When housing costs consume more than 50 percent of household income, low-income families face a greater risk of becoming homeless.
In a Sept. 15, 2015, article in the Washington Post, David Madden, an assistant professor of sociology at The London School of Economics, wrote, “And far from a relic, dependable and affordable housing is more important now than ever; if you work full-time for the minimum wage in America, the number of states where you can afford to rent a one-bedroom apartment on the private market is exactly zero.”
Still, many politicians who have never lived in public housing consider it to be a failure.
Nevertheless, research has revealed that a great majority of the more than 2 million people living in publicly-owned rental housing don’t consider it a failure. Numerous studies show that housing choice vouchers are very effective at making housing affordable, reducing the rates of homelessness and instability.
A sampling of McKean Countians living in subsidized housing certainly don’t share this opinion.
For example, one person said, “It has helped me move out of a sibling’s home and be on my own. Without this rental assistance, I could not live on my own.”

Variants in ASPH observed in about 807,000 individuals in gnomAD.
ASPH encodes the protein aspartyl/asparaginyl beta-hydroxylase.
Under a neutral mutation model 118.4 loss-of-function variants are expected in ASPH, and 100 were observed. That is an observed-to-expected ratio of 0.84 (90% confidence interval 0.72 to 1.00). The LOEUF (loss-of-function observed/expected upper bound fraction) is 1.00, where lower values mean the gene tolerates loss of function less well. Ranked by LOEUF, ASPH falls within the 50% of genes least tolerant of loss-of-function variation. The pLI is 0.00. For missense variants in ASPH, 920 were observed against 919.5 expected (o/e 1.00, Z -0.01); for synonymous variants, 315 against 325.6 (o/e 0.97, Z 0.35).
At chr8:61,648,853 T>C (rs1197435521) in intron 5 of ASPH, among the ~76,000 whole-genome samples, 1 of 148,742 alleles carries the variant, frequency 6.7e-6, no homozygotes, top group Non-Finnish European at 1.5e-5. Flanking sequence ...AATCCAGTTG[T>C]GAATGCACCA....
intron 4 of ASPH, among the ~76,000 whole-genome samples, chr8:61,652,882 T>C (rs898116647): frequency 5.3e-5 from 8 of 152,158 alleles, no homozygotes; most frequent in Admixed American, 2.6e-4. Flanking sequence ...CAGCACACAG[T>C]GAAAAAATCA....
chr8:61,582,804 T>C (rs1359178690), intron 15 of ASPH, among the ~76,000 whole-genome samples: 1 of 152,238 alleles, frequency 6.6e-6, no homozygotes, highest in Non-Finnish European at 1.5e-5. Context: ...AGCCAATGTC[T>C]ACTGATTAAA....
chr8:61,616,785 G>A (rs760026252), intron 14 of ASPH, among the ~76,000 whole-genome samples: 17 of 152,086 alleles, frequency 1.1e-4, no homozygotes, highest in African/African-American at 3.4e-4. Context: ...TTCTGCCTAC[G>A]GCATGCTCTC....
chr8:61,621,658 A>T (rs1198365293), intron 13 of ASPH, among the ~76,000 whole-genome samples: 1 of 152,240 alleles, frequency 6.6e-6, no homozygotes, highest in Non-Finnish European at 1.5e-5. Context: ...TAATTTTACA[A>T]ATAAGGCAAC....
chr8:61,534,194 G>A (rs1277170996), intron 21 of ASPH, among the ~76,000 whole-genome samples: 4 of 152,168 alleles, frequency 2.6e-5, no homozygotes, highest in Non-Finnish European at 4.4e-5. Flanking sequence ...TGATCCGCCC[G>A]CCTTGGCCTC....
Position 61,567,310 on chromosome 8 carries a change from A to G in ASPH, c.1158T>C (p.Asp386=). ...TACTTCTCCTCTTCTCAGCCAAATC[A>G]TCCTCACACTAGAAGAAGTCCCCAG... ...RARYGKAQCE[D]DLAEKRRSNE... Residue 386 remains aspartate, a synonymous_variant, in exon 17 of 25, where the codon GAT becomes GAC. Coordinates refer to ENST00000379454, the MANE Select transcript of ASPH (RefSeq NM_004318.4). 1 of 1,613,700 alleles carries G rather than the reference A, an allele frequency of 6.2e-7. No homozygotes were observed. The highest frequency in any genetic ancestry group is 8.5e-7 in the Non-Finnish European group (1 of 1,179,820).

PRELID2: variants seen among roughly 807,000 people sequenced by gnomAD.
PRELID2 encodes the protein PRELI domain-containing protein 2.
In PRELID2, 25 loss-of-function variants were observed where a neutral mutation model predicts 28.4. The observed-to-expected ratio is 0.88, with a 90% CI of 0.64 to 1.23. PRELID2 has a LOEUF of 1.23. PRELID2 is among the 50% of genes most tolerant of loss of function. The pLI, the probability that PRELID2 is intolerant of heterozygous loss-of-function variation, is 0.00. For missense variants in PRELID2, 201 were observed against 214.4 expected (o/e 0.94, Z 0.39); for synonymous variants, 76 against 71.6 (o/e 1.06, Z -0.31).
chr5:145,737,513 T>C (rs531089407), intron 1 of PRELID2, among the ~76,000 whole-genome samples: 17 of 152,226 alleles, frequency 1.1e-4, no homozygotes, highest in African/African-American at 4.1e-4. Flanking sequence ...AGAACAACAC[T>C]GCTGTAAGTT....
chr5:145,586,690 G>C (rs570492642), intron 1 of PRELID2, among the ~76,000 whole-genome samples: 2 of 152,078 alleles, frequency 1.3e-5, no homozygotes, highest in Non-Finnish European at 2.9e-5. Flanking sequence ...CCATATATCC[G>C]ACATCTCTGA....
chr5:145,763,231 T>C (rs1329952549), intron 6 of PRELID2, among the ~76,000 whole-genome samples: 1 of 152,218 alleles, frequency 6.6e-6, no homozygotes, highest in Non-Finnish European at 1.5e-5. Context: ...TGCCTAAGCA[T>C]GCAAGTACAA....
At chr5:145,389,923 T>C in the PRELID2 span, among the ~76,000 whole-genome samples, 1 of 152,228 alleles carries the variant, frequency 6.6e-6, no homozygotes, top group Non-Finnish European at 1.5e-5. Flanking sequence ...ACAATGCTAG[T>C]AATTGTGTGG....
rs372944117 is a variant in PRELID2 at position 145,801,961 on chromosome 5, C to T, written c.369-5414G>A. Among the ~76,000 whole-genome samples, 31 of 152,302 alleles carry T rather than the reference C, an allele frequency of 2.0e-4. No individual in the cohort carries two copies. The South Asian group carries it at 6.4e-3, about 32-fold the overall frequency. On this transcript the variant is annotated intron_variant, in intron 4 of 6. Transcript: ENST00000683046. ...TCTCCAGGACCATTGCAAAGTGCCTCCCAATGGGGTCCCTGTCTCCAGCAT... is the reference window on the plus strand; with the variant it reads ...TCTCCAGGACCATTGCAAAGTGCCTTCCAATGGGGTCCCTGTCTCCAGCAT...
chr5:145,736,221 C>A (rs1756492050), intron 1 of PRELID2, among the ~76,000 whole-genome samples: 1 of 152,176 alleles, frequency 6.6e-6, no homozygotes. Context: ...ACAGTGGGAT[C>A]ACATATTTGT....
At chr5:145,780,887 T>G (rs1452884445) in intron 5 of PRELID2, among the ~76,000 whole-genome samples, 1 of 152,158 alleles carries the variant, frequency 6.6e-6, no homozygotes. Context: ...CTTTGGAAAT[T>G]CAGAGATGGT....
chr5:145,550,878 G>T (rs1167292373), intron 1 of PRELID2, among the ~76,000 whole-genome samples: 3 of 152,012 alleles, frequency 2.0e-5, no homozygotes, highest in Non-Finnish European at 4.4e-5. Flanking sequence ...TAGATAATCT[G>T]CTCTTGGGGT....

To critics of Section 8 housing, this person responds by saying there are just as many non-Section 8 renters who are bad or even worse, and the housing authority does its best to screen for bad tenants and that the landlords have to do their part in screening for bad tenants.
For another tenant who retired from a large city and moved back to the area to be closer to family, “I thought this would be a good safe place for me to be. The affordable housing is close to everything I need. The grounds and common are well maintained. If you see anything needing attention, you just call and it gets immediate attention.”
Another tenant with a child, said, “There was a perception that housing in this area was
crime-ridden and full of drugs. I have learned, though, everybody struggles to get by to make ends meet. These families are not criminals or drug addicts.”
Public housing allows this employed person to afford rent and utilities, while providing a safe place for the child to play.
Answering those people who oppose assisted housing, this tenant replies, “Come and see. If you come to the table with criticism, also come with a solution.”
And there is a couple who receive help through the Bridge Subsidy Program, which provides rental assistance until the family’s name comes up on the Section 8 Housing Choice Voucher. One is employed and the other is enrolled in a job training program through CareerLink.
“We are a young working family, and we follow the rules,” one said. “It’s OK to ask for help. I know what I am and what I have to do. We feel nothing negative about ourselves, and we are working hard to have a home of our own.”
This couple says they feel safe in their building and neighborhood.
The vouchers benefit the communities. In Pennsylvania in 2014, private landlords received $473,800,000 in HCV payments. Not only did this money help the owners pay the property taxes, but it prevented blight by maintaining properties in good condition.
With only being in that program for three months, they agree that it’s better than living with other people in a small apartment.